Description of Spoon-Billed Sandpiper
Spoon-Billed Sandpiper was first described by Linnaeus in his Systema Naturae in the year 1758. It was later moved to Eurynorhynchus by Sven Nilsson in 1821. It is now classified under the calidrid sandpipers.
Features of Spoon-Billed Sandpiper
The most distinctive feature of Spoon-Billed Sandpiper is its spatulate bill. The breeding adult bird is 14 to 16 centimeters in length, and has a red-brown head, neck and breast with dark brown streaks. It has blackish upperparts with buff and pale rufous fringing. Non-breeding adults lack the reddish colouration, but have pale brownish-grey upperparts with whitish fringing to the wing-coverts. The underparts are white and the legs are black.
Measurement of Spoon-Billed Sandpiper
The measurement of Spoon-Billed Sandpiper are wing 98-106 mm, bill 19-24 mm, bill tip breadth 10-12 mm, tarsus 19-22 mm and tail 37-39 mm.
Breeding of Spoon-Billed Sandpiper
The breeding habitat of Spoon-Billed Sandpiper is sea coasts and adjacent hinterland on the Chukchi Peninsula and southwards along the isthmus of the Kamchatka peninsula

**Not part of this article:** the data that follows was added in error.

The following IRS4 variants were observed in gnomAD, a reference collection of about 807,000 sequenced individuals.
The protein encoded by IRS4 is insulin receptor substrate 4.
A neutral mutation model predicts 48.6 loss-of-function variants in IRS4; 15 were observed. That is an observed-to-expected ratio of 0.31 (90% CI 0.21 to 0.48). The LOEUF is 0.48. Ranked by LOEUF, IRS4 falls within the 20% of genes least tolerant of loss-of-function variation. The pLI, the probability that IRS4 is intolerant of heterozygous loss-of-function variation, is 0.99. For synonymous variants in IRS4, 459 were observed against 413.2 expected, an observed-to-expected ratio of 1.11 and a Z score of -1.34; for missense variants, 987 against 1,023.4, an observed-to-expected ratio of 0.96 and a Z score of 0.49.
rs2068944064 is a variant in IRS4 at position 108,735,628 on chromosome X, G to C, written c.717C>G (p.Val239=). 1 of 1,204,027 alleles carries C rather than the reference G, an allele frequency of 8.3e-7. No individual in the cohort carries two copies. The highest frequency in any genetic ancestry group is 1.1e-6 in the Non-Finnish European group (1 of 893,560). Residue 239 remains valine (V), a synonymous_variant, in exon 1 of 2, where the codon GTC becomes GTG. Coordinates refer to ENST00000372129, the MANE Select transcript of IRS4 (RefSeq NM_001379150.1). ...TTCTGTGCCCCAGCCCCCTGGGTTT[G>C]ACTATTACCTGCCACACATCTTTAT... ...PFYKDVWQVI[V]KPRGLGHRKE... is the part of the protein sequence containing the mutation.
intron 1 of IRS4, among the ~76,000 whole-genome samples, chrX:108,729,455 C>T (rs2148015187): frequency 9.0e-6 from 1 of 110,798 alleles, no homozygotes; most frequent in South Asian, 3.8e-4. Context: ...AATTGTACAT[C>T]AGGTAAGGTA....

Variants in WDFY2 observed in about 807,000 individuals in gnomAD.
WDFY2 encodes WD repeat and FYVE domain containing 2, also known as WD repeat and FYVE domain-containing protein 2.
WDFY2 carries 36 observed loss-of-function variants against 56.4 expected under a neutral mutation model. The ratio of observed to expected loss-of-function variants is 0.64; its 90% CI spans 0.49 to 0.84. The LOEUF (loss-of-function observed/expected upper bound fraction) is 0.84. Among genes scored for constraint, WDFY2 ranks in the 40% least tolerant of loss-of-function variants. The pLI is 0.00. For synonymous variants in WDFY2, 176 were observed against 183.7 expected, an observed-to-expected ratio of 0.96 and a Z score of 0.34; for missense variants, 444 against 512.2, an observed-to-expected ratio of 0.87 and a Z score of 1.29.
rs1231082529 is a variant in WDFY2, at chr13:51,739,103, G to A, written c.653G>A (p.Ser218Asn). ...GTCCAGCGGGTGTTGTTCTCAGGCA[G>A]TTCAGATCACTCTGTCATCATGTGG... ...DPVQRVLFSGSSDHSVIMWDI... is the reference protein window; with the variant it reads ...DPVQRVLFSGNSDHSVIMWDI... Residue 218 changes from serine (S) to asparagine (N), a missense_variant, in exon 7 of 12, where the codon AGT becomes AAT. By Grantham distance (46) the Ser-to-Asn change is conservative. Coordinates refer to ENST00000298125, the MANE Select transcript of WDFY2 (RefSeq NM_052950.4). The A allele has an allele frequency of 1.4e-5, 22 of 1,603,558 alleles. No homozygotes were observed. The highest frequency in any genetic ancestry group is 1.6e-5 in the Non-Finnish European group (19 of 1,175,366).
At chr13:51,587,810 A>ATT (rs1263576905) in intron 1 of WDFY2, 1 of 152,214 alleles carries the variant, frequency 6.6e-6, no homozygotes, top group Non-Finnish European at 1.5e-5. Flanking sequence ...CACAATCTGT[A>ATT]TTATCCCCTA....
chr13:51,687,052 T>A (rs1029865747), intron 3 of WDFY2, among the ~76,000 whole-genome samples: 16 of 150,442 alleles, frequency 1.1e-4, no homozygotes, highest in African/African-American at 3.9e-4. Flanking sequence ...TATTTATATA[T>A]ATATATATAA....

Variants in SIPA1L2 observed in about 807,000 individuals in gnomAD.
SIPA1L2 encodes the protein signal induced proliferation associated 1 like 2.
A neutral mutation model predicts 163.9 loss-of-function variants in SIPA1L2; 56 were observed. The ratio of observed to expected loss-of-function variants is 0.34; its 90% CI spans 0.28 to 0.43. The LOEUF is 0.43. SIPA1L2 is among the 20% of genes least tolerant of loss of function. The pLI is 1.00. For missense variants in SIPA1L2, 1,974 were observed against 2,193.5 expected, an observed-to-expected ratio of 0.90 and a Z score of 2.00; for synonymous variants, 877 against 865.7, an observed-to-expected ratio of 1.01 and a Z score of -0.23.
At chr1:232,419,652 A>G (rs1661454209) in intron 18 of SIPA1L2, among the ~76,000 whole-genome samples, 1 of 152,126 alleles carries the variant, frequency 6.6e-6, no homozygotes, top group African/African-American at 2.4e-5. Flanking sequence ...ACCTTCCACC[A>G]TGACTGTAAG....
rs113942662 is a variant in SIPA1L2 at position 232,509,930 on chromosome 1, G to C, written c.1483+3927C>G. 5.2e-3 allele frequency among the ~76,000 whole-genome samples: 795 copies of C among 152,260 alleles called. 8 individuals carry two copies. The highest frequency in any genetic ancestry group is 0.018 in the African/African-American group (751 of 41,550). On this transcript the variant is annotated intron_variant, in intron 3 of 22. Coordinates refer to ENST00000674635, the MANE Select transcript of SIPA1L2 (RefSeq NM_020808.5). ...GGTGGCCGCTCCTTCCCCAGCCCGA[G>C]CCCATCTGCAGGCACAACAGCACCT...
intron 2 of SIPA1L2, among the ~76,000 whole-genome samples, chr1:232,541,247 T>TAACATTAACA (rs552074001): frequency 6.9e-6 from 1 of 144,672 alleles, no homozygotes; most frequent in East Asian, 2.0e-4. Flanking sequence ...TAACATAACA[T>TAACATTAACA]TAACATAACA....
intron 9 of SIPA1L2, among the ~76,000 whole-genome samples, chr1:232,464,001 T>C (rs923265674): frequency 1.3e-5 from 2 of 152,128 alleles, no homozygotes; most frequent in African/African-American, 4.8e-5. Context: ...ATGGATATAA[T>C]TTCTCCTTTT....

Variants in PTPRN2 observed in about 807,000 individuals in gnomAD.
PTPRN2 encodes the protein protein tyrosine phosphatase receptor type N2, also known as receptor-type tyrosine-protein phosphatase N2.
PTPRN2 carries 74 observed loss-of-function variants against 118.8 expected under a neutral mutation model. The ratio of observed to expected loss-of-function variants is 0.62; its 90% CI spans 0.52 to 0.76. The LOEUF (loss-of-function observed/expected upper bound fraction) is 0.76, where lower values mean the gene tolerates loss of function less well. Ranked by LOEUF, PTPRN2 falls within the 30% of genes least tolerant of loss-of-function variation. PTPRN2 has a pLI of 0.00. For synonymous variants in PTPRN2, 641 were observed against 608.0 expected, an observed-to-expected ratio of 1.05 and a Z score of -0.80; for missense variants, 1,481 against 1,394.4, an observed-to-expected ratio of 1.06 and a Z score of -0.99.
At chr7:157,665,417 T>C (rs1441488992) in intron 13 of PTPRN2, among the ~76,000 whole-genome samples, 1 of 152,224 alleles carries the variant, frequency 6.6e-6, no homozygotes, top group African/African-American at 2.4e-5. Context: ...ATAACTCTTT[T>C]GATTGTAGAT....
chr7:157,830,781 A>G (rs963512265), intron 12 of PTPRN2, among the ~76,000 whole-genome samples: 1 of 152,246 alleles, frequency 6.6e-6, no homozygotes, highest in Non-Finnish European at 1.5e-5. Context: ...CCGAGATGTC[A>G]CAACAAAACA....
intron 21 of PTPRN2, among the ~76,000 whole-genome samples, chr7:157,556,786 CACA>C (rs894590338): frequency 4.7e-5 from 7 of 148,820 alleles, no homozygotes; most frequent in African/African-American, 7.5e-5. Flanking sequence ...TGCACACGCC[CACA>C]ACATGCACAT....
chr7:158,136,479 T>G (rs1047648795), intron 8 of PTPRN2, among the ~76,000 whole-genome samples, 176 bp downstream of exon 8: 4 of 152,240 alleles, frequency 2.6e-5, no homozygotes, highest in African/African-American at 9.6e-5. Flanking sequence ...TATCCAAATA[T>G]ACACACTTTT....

Migration of Spoon-Billed Sandpiper
Spoon-Billed Sandpiper migrates down the Pacific coast through Japan, North Korea, South Korea and China, to its main wintering grounds in South and South-East Asia, where it has been recorded from India, Bangladesh, Sri Lanka, Burma, Thailand, Vietnam, the Philippines, Peninsular Malaysia and Singapore.
Spoon-Billed Sandpiper as Endangered Species
Spoon-Billed Sandpiper is critically endangered, with a current population of fewer than 2500 - probably fewer than 1000 - mature individuals. The main threats to its survival are habitat loss on its breeding grounds and loss of tidal flats through its migratory and wintering range. The important staging area at Saemangeum, South Korea, has already been partially reclaimed, and the remaining wetlands are under serious threat of reclamation in the near future. The protected areas of Spoon-Billed Sandpiper in its staging and wintering areas include Yancheng in China, Mai Po Marshes in Hong Kong and Point Calimere (Point Calimere Sanctuary, Tamil Nadu) and Chilka Lake in Odisha.